• 2. Ultrasound can be used to diagnose pneumoperitoneum.

  • 3. The presence of an enhanced peritoneal stripe is easier to see when ascites is present.

Financial/nonfinancial disclosures: The authors have reported to CHEST that no potential conflicts of interest exist with any companies/organizations whose products or services may be discussed in this article.

Other contributions:CHEST worked with the authors to ensure that the Journal policies on patient consent to report information were met.

Additional information: To analyze this case with the videos, see the online version of this article.

Sekiguchi H, Suzuki J, Daniels CE. Making paracentesis safer: a proposal for the use of bedside abdominal and vascular ultrasonography to prevent a fatal complication. Chest. 2013;143(4):1136-1139. [CrossRef] [PubMed]
 
Akriviadis EA, Runyon BA. Utility of an algorithm in differentiating spontaneous from secondary bacterial peritonitis. Gastroenterology. 1990;98(1):127-133. [PubMed]
 
Seitz K, Reising KD. Sonographic detection of free air in the abdominal cavity [in German]. Ultraschall Med. 1982;3(1):4-6. [CrossRef]
 
Chen SC, Yen ZS, Wang HP, Lin FY, Hsu CY, Chen WJ. Ultrasonography is superior to plain radiography in the diagnosis of pneumoperitoneum. Br J Surg. 2002;89(3):351-354. [CrossRef] [PubMed]
 
Muradali D, Wilson S, Burns PN, Shapiro H, Hope-Simpson D. A specific sign of pneumoperitoneum on sonography: enhancement of the peritoneal stripe. AJR Am J Roentgenol. 1999;173(5):1257-1262. [CrossRef] [PubMed]
 
Asrani A. Sonographic diagnosis of pneumoperitoneum using the ‘enhancement of the peritoneal stripe sign.’ A prospective study. Emerg Radiol. 2007;14(1):29-39. [CrossRef] [PubMed]
 
Lee DH, Lim JH, Ko YT, Yoon Y. Sonographic detection of pneumoperitoneum in patients with acute abdomen. AJR Am J Roentgenol. 1990;154(1):107-109. [CrossRef] [PubMed]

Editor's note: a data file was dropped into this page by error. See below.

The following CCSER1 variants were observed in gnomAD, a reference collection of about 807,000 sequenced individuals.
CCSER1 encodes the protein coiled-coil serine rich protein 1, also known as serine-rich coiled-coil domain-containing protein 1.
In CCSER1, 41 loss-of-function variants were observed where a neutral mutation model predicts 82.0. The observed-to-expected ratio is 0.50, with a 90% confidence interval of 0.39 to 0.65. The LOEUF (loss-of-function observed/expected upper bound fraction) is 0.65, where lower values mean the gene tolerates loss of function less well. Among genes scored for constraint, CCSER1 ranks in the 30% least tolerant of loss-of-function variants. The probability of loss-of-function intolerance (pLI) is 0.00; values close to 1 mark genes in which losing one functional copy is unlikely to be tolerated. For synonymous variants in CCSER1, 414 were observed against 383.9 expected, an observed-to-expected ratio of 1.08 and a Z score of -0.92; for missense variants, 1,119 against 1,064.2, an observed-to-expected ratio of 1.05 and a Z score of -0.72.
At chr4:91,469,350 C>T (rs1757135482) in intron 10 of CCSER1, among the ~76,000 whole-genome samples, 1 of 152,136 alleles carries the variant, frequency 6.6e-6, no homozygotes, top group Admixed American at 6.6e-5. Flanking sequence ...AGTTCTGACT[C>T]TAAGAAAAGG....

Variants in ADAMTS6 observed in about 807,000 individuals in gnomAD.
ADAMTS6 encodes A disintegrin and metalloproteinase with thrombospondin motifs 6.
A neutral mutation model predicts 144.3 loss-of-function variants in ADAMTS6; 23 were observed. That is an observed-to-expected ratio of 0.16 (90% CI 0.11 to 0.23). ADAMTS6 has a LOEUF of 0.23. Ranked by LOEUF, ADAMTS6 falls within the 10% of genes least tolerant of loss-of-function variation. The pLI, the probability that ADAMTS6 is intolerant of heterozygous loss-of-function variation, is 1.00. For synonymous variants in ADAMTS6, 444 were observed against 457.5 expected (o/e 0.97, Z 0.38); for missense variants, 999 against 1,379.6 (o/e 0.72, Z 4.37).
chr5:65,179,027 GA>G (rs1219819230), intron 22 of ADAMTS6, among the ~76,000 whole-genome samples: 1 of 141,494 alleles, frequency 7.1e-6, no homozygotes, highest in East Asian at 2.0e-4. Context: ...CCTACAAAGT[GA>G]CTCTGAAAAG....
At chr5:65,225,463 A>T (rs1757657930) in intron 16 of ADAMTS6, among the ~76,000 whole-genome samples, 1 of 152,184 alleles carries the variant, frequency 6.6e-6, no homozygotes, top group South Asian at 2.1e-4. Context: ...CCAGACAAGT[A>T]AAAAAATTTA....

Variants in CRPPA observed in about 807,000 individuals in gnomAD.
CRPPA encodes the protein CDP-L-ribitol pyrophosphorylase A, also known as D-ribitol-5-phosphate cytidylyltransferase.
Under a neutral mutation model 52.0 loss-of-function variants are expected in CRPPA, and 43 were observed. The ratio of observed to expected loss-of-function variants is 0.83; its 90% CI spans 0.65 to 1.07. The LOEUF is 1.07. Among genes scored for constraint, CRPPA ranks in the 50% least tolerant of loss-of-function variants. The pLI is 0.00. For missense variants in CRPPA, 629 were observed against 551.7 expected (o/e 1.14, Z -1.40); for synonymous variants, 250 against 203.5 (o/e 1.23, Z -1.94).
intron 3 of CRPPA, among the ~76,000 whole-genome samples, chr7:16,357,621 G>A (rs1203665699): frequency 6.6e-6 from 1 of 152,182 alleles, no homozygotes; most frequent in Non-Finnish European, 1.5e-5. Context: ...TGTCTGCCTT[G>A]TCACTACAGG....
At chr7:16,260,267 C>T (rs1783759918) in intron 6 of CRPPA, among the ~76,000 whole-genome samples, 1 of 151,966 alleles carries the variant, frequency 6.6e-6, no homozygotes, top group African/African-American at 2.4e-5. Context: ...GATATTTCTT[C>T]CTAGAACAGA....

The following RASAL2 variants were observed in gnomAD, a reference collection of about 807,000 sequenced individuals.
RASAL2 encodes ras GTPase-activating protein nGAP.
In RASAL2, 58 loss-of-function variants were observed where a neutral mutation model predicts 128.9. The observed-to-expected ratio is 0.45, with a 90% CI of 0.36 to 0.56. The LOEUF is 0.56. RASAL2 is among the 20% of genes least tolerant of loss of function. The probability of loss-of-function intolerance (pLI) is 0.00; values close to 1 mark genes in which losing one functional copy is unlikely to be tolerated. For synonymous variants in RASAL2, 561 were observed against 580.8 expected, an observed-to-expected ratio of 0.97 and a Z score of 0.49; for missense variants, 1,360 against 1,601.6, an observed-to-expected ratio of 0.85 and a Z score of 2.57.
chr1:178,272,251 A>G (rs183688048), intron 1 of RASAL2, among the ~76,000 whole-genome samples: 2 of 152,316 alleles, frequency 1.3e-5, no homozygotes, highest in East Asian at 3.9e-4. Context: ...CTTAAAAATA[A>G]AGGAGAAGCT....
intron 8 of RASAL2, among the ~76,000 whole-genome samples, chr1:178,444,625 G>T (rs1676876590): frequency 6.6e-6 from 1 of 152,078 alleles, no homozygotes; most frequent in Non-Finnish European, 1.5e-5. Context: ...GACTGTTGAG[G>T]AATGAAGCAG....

Figures

Tables

Video 1

Patient Case Videos

Discussion Video

Video 1

Patient Case Videos

Video 2

Abdomen Infraumbilical View

References

Sekiguchi H, Suzuki J, Daniels CE. Making paracentesis safer: a proposal for the use of bedside abdominal and vascular ultrasonography to prevent a fatal complication. Chest. 2013;143(4):1136-1139. [CrossRef] [PubMed]
 
Akriviadis EA, Runyon BA. Utility of an algorithm in differentiating spontaneous from secondary bacterial peritonitis. Gastroenterology. 1990;98(1):127-133. [PubMed]
 
Seitz K, Reising KD. Sonographic detection of free air in the abdominal cavity [in German]. Ultraschall Med. 1982;3(1):4-6. [CrossRef]
 
Chen SC, Yen ZS, Wang HP, Lin FY, Hsu CY, Chen WJ. Ultrasonography is superior to plain radiography in the diagnosis of pneumoperitoneum. Br J Surg. 2002;89(3):351-354. [CrossRef] [PubMed]
 
Muradali D, Wilson S, Burns PN, Shapiro H, Hope-Simpson D. A specific sign of pneumoperitoneum on sonography: enhancement of the peritoneal stripe. AJR Am J Roentgenol. 1999;173(5):1257-1262. [CrossRef] [PubMed]
 
Asrani A. Sonographic diagnosis of pneumoperitoneum using the ‘enhancement of the peritoneal stripe sign.’ A prospective study. Emerg Radiol. 2007;14(1):29-39. [CrossRef] [PubMed]
 
Lee DH, Lim JH, Ko YT, Yoon Y. Sonographic detection of pneumoperitoneum in patients with acute abdomen. AJR Am J Roentgenol. 1990;154(1):107-109. [CrossRef] [PubMed]